Over 3m households have taken out larger and cheaper mortgages since the GFC - mostly at variable rates - and are thus exposed to changes by RBA. NATSEM (Ben Phillips) says that interest rates could rise and be a shock to the system. Since 2008 620,00 owner-occupied home loans have been written in Queensland - and Brisbane home prices have risen 12%. Most households already find their finances stretched. NAB survey concluded that people are really feeling the pinch [1]

Sources to consult



















Australian Housing Price Index 1880-2012

About Economic Context Economists expect [1] that

between the slowdown in our rate of productivity improvement, the expected continuing fallback in mineral export prices and the reversal of the ''demographic dividend'' delivered by the baby boomers, ''we face a significant challenge in maintaining the rate of growth in living standards that Australians have come to expect''.

Specifically, Parkinson projected that, even if we assume labour productivity grows at its long-term average, the other two factors would cause real income per person to grow by just 0.7 per cent a year over the decade to 2023-24, rather than the 2.3 per cent ''to which Australians have become accustomed''.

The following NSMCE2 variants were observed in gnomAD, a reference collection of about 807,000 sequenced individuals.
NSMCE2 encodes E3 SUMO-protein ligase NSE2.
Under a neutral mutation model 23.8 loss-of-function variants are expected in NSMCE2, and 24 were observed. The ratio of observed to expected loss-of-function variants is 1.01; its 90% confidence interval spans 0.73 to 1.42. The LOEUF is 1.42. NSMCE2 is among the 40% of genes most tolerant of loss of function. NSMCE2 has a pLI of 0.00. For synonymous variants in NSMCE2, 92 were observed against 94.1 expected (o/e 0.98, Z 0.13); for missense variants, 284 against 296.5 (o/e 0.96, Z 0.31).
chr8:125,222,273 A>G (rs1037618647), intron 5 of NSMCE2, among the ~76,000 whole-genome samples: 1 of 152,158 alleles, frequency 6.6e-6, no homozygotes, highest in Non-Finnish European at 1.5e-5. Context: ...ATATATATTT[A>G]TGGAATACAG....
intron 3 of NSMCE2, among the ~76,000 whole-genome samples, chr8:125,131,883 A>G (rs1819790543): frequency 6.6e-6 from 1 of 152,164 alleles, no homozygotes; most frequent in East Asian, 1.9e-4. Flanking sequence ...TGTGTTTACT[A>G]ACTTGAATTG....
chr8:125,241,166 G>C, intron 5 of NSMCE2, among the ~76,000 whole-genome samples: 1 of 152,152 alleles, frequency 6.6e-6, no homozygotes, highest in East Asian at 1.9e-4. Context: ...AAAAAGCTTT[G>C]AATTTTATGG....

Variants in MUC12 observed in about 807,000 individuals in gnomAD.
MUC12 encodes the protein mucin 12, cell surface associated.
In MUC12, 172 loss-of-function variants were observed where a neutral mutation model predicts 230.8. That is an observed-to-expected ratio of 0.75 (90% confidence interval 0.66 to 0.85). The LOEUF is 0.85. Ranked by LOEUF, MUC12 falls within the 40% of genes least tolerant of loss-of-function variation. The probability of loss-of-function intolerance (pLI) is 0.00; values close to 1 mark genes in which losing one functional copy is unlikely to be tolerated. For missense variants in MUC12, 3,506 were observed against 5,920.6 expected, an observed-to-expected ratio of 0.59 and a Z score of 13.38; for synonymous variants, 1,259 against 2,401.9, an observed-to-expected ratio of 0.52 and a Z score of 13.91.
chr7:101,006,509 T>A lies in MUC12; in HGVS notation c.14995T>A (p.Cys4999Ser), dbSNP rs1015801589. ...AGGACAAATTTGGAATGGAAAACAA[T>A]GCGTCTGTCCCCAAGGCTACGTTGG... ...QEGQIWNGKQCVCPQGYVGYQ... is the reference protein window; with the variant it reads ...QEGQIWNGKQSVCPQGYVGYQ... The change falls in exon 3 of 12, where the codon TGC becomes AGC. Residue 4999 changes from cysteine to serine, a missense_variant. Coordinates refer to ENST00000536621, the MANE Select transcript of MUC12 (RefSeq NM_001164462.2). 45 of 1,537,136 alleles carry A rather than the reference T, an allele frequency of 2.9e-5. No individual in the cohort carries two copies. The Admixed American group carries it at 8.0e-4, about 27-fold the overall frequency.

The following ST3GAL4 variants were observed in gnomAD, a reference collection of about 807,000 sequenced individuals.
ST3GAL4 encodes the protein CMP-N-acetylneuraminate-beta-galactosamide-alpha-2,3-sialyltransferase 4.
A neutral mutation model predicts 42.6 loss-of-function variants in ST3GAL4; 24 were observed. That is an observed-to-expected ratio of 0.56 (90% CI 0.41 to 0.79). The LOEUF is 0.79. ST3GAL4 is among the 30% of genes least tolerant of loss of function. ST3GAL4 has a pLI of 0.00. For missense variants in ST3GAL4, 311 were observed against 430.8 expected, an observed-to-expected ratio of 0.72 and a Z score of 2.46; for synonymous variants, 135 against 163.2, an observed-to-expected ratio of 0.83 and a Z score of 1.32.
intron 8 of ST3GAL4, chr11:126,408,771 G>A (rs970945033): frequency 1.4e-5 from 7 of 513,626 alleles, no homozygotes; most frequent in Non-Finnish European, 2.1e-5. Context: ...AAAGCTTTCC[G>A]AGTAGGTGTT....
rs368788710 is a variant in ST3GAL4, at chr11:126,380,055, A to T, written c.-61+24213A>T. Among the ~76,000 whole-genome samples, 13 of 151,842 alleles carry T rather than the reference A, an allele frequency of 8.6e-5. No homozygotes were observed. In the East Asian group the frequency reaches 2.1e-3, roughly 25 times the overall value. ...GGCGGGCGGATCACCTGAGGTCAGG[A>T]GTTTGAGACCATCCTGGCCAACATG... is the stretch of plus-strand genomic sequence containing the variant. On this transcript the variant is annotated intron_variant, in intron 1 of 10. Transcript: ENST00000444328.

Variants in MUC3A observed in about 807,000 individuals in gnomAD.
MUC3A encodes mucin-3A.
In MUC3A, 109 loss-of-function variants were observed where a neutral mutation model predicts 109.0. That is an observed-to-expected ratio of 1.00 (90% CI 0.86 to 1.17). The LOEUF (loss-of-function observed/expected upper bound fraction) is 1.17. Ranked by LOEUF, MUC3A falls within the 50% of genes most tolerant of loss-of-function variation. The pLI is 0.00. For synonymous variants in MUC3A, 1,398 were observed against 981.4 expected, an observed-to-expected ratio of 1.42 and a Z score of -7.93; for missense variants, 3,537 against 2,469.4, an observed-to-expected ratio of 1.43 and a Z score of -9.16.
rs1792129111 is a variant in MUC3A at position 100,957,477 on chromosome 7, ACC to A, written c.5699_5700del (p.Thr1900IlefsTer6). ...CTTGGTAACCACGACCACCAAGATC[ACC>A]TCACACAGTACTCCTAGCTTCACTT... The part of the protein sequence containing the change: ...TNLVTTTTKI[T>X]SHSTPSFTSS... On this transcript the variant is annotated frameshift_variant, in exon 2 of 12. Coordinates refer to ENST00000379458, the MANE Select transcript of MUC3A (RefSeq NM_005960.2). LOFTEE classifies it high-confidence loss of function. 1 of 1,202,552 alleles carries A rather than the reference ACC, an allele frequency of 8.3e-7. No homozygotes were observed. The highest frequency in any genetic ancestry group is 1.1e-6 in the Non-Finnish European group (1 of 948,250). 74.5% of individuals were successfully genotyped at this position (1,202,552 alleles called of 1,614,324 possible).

So over 10 years our present annual real income of $63,600 per person would grow only to $69,000, rather than $82,000, leaving us only $5400 a year better off, rather than the $18,400 a year to which we've become accustomed.

To keep average incomes growing as fast as we've come to expect will require us to double our present rate of productivity improvement to 3 per cent a year.

Sorry, but I very much doubt we'll be willing to make the many controversial reforms needed to achieve such a transformation. More to the point, I'm not convinced we should [for social and environmental reasons].